Kenji Kano spends much of his time researching Inorganic chemistry, Redox, Electron transfer, Electrode and Electrochemistry. His Inorganic chemistry study combines topics from a wide range of disciplines, such as Working electrode, Overpotential, Bilirubin oxidase, Shewanella putrefaciens and Thermodynamic free energy. His Redox research integrates issues from Pyrroloquinoline quinone, Flavin group, Combinatorial chemistry, Electron acceptor and Quinone.
His Electron transfer study integrates concerns from other disciplines, such as Heme C, Electron transport chain, Biochemistry and Flavin adenine dinucleotide. His work carried out in the field of Electrode brings together such families of science as Cathode, Carbon and Adsorption. The Electrochemistry study which covers Catalysis that intersects with Ligand.
His scientific interests lie mostly in Inorganic chemistry, Electrode, Electron transfer, Redox and Electrochemistry. The Inorganic chemistry study combines topics in areas such as Formate, Catalysis, Electrolysis, Ion and Carbon. The various areas that Kenji Kano examines in his Electrode study include Diffusion, Chemical engineering, Adsorption and Analytical chemistry.
His Electron transfer research is multidisciplinary, incorporating perspectives in Dehydrogenase, Biochemistry, Stereochemistry and Bilirubin oxidase. His Redox study combines topics in areas such as Combinatorial chemistry, Electron acceptor and Quinone. He has included themes like Peroxidase and Biosensor in his Amperometry study.
His primary scientific interests are in Electron transfer, Electrode, Chemical engineering, Inorganic chemistry and Bilirubin oxidase. His studies deal with areas such as Electron transport chain, Biophysics, Catalysis, Copper and Dehydrogenase as well as Electron transfer. His Electrode research is multidisciplinary, incorporating elements of Formate dehydrogenase, Detection limit, Protein engineering and Combinatorial chemistry.
His research integrates issues of Membrane and Substrate in his study of Chemical engineering. He works in the field of Inorganic chemistry, namely Redox. His Redox research is multidisciplinary, relying on both Photochemistry and Standard electrode potential.
Kenji Kano mostly deals with Electron transfer, Electrode, Inorganic chemistry, Chemical engineering and Dehydrogenase. His Electron transfer research is multidisciplinary, incorporating perspectives in Electron transport chain, Desulfovibrio vulgaris, Catalysis, Carbon nanotube and Bilirubin oxidase. His work in Catalysis addresses issues such as Redox, which are connected to fields such as Electrochemistry.
The various areas that he examines in his Electrode study include Cobalt, Phosphate, Ion, Sulfate and Chloride. Borrowing concepts from Generation rate, Kenji Kano weaves in ideas under Inorganic chemistry. The study incorporates disciplines such as Photon flux density and Substrate in addition to Chemical engineering.
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Kinetic analysis and mechanistic aspects of autoxidation of catechins.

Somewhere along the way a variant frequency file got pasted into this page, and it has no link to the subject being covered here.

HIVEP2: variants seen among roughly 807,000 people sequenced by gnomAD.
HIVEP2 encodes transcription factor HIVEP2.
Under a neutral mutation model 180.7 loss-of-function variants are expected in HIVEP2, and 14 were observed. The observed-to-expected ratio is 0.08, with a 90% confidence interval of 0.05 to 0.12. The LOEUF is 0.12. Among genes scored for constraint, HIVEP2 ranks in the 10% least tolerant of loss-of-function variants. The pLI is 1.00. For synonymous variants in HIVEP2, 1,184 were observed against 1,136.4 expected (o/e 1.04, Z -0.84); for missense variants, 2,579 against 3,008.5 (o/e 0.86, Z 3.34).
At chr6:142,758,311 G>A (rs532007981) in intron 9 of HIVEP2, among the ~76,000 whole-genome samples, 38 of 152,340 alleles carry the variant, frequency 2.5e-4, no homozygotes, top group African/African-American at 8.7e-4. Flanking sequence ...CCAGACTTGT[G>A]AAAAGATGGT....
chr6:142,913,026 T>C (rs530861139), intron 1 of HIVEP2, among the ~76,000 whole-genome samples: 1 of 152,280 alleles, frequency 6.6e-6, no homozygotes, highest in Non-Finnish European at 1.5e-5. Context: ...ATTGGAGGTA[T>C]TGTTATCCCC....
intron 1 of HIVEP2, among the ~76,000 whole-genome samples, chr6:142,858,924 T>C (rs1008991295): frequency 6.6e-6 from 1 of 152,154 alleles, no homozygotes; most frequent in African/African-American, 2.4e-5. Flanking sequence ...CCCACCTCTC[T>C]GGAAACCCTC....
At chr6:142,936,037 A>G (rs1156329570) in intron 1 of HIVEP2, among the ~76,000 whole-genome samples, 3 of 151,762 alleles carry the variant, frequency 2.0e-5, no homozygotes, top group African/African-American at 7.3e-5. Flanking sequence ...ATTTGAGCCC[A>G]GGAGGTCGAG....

Manabu Mochizuki;Shin-ichi Yamazaki;Kenji Kano;Tokuji Ikeda.
Biochimica et Biophysica Acta (2002)
Fructose/dioxygen biofuel cell based on direct electron transfer-type bioelectrocatalysis
Yuji Kamitaka;Seiya Tsujimura;Norihiko Setoyama;Tsutomu Kajino.
Physical Chemistry Chemical Physics (2007)
A high-power glucose/oxygen biofuel cell operating under quiescent conditions
Hideki Sakai;Takaaki Nakagawa;Yuichi Tokita;Tsuyonobu Hatazawa.
Energy and Environmental Science (2009)
Bioelectrocatalytic reduction of dioxygen to water at neutral pH using bilirubin oxidase as an enzyme and 2,2′-azinobis (3-ethylbenzothiazolin-6-sulfonate) as an electron transfer mediator
Seiya Tsujimura;Hirosuke Tatsumi;Jun Ogawa;Sakayu Shimizu.
Journal of Electroanalytical Chemistry (2001)
Activation process of [NiFe] hydrogenase elucidated by high-resolution X-Ray analyses: conversion of the ready to the unready state
Hideaki Ogata;Shun Hirota;Shun Hirota;Asuka Nakahara;Hirofumi Komori.
Electrochemical activity of an Fe(III)-reducing bacterium, Shewanella putrefaciens IR-1, in the presence of alternative electron acceptors
Byung Hong Kim;Tokuji Ikeda;Hyung Soo Park;Hyung Joo Kim.
Biotechnology Techniques (1999)
Novel FAD-Dependent Glucose Dehydrogenase for a Dioxygen-Insensitive Glucose Biosensor
Seiya Tsujimura;Shinki Kojima;Kenji Kano;Tokuji Ikeda.
Bioscience, Biotechnology, and Biochemistry (2006)
Bioelectrocatalysis-based dihydrogen/dioxygen fuel cell operating at physiological pH
Seiya Tsujimura;Masafumi Fujita;Hirosuke Tatsumi;Kenji Kano.
Physical Chemistry Chemical Physics (2001)
Diffusion-Controlled Oxygen Reduction on Multi-Copper Oxidase-Adsorbed Carbon Aerogel Electrodes without Mediator
S. Tsujimura;Y. Kamitaka;K. Kano.
Fuel Cells (2007)
Bilirubin oxidase in multiple layers catalyzes four-electron reduction of dioxygen to water without redox mediators
Seiya Tsujimura;Kenji Kano;Tokuji Ikeda.
Journal of Electroanalytical Chemistry (2005)
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